7 Signs It's Time to Quit Freelancing

By Paul Michael on 15 January 2018 0 comments

Tell someone you're a freelancer, and you'll usually be treated with a mix of envy and admiration. Freelancing brings with it a perception of freedom and flexibility that is a definite plus, but much harder to sustain than many people might realize.

As a freelancer, chances are you put in more hours and are on the go more than regular full-time employees. You don't get subsidized health care, a 401(k) match, or paid vacation. It can be tough — sometimes, too tough. And when the following red flags appear, it may be time to throw in the towel. (See also: Day Job or Freelance: Which Is Right for You?)

1. You don't enjoy it anymore

Let's start with the most obvious reason. If it's just not something you like doing anymore, maybe it's time to start thinking about a different career path. Remember when you first decided to jump into the freelancing pool? The buzz you felt going it alone. Hustling for clients. Being your own boss. It all felt like the world was your oyster. If you now get up every day wishing you'd made a different choice, that's life telling you you're wasting time.

Our job takes up the majority of our waking hours, so to be doing something that makes every one of them painful is just not worth it. What do you daydream about doing instead? What would reinvigorate those passions you once felt for freelancing? Listen to your gut and make a move in that direction. (See also: 8 Signs the 9-to-5 IS Right for You)

2. It's getting harder and harder to find work

When you first dipped your toe into the freelance pool, you had to hustle to get those initial clients. But, after some hard work, you built up a nice client roster and had enough regular work to make freelancing a financial success. However, things change. Markets change. Freelance industries can become flooded with new and cheaper talent. And, of course, there are those sites like Fiverr and Guru that are crammed with people all over the world charging rates that you cannot even begin to compete with.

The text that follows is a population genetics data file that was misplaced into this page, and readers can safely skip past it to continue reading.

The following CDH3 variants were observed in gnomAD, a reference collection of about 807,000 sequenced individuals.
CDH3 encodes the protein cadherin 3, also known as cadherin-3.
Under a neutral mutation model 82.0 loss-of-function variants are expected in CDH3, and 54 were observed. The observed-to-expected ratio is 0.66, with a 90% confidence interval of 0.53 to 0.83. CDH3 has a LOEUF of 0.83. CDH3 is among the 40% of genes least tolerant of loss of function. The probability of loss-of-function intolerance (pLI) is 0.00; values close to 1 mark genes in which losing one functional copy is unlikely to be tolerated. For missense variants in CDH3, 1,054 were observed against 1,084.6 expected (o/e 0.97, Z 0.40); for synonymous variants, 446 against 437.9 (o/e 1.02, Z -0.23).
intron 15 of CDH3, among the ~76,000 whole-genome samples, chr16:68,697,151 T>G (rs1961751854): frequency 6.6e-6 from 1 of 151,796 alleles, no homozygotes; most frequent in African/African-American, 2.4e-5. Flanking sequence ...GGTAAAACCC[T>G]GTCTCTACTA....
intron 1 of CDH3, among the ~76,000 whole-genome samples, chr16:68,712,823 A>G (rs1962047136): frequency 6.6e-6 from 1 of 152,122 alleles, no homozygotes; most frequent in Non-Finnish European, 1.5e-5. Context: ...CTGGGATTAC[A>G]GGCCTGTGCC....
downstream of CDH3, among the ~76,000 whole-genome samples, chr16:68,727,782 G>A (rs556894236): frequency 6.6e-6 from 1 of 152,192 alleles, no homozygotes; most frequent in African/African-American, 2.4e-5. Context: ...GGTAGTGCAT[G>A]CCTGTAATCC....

That mix of more competition, lower freelance rates, and even corporate downsizing can have a serious impact on the time you spend trying to find work. And if you spend more time looking for it than working on it, you could be in real trouble. (See also: How to Land More Freelance Clients)

3. You can no longer afford to pay for your own health care

This is a big reason freelancers are returning to the workforce, and it's a sad sign of the times. Corporations and small businesses have the clout to negotiate excellent rates for their employees. Not only that, but the company pays the majority of the monthly premium, with some companies even offering completely free HMO coverage for an employee and family.

As a freelancer, you don't have that kind of power. According to data gathered by eHealth, the average individual health insurance premium for 2017 was $393 a month. It skyrockets to $1,021 a month for families. That's not taking into account deductibles, which you have to meet before the insurance kicks in. It's a huge burden for a freelancer to take on, and coming back into the fold can be a relief. (See also: 10 Work Perks You Can't Get as a Freelancer)

4. You miss the interaction with other employees